http://treasuresfromtheheartgifts.blogspot.com/2012/07/rust-and-patina-how-to.html

Wine Cork Wine Glass Charms

https://www.hometalk.com/5828087/tips-for-decoupaging-paper-napkins-onto-furniture

http://www.goodshomedesign.com/rose-orange-peel-diy-orange-rose

https://www.hometalk.com/16019709/an-old-door-upcycle

 

 

 

 

 

 

 

 

 

 

 

 

 

 

 

 

 

 

Buy in bulk, Re-use your packaging, Reduce waste

Spices, ground and whole
Photo by Pixabay on Pexels.com

Nude Foods in Zonnebloem, Cape Town is a bulk wholefoods store, offering a plastic-free shopping experience. They sell high quality wholefoods, fresh organic produce, home and body products, minus any wasteful packaging . In their own words: “Our bulk wholefoods, health foods, and earth-friendly products are all non-GMO, plastic-free and sold by weight. Our goal is to make plastic-free shopping easy and accessible to the everyday shopper, whilst supporting local suppliers and other waste reducing initiatives”. The process is simple: scoop out from their bulk bins into your reusable container, weigh, and pay. As well as the self-service bin section, they have pantry items, household products and choose-your-own organic veg. In the war on waste that is gaining traction here and elsewhere in the world, shopping experiences like this one comes not a moment too soon.

 

 

In Johannesburg I frequently shop at Food Lover’s Market (FLM) for bulk buy fresh produce, olive oil, and some of my dry goods such as seeds, nuts and dried and spices, ground and whole. In the words of FLM Stoneridge: “Shopping is as much about the experience as it is about the things you buy. Food Lover’s Market have taken this principle to heart, re-creating the ambience of an old-fashioned marketplace in a modern theatre-of-food setting. Visiting the stores truly is an experience like no other.’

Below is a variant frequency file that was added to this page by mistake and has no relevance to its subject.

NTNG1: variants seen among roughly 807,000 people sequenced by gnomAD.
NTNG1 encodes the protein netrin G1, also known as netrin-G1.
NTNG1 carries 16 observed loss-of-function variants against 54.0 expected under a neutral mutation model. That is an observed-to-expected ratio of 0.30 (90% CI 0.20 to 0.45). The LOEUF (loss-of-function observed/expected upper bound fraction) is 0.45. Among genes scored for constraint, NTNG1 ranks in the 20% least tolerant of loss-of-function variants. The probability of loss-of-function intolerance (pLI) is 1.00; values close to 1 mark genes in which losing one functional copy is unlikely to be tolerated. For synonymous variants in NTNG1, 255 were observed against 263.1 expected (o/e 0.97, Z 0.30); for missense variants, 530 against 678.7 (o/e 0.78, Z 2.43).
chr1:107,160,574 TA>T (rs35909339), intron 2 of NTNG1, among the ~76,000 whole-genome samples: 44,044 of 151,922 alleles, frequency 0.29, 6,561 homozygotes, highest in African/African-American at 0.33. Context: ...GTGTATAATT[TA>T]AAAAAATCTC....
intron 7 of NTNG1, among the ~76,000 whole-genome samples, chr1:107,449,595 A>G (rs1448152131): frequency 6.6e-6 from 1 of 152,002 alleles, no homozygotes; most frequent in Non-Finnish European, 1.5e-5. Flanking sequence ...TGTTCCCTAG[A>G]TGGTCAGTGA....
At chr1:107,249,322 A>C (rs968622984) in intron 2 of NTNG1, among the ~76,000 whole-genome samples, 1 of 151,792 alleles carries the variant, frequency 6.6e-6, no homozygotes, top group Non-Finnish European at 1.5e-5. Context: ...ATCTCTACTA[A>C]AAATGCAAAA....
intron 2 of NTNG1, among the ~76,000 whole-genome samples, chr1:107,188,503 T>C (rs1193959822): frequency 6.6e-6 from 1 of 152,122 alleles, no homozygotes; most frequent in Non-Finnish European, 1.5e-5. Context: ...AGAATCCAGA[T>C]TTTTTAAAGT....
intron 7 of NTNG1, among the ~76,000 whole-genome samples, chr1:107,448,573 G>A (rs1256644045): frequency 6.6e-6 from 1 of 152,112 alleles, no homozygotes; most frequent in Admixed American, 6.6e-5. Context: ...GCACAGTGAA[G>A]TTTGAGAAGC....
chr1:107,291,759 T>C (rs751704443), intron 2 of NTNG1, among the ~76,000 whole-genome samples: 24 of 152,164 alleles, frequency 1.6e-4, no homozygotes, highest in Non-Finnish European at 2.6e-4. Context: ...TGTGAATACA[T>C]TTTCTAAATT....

While both Nude Foods and FLM offer unpackaged ware in self-serve bulk bins, there are some clear differences between the two. Nude Foods is very specifically a plastic-free grocery store, offering non-GMO, healthy and affordable wholefoods and earth-friendly body and home products, all sold by weight. They are also relatively new:their Facebook page was created on 5 September 2017. May they go from strength to strength! By contrast, FLM is a franchised, well established retail outlet with many branches, and it offers a huge variety of mainstream, conventionally packaged foods including the ‘big brands’ that one sees in all the well known stores. Also, importantly, they do not actively supply reusable packaging, other than the refillable glass bottles at the bulk buy area which supplies olive oil. Many people shop at FLM no doubt not particularly to avoid wasteful packaging, but simply because it’s convenient for them and they can find their familiar big brand items there. (I’m referring to the FLM outlets which I frequent here in Johannesburg… I would love to know what other people experience elsewhere in the country)
 I frequently find myself in the minority when I shop at FLM, with my reusable cloth drawstring bags and my containers which I wash out after use and reuse each time I shop from their deli section or fish counter. I’m not bothered by this though. Rather, I’m grateful that these options are open to me, even if it requires the effort of constant rinsing and reusing and of course having to carry various bits of packaging around with me when I shop. And if I fall short sometimes, or don’t find what I need in unpackaged, then packaged it is. I have realised that driving my car up and down looking for perfect Zero Waste solutions is a waste of my valuable time, not to mention the carbon waste emissions thanks to all the added driving. I’ve given up feeling guilty about the compromises, knowing that I will continue to do my bit as far as possible.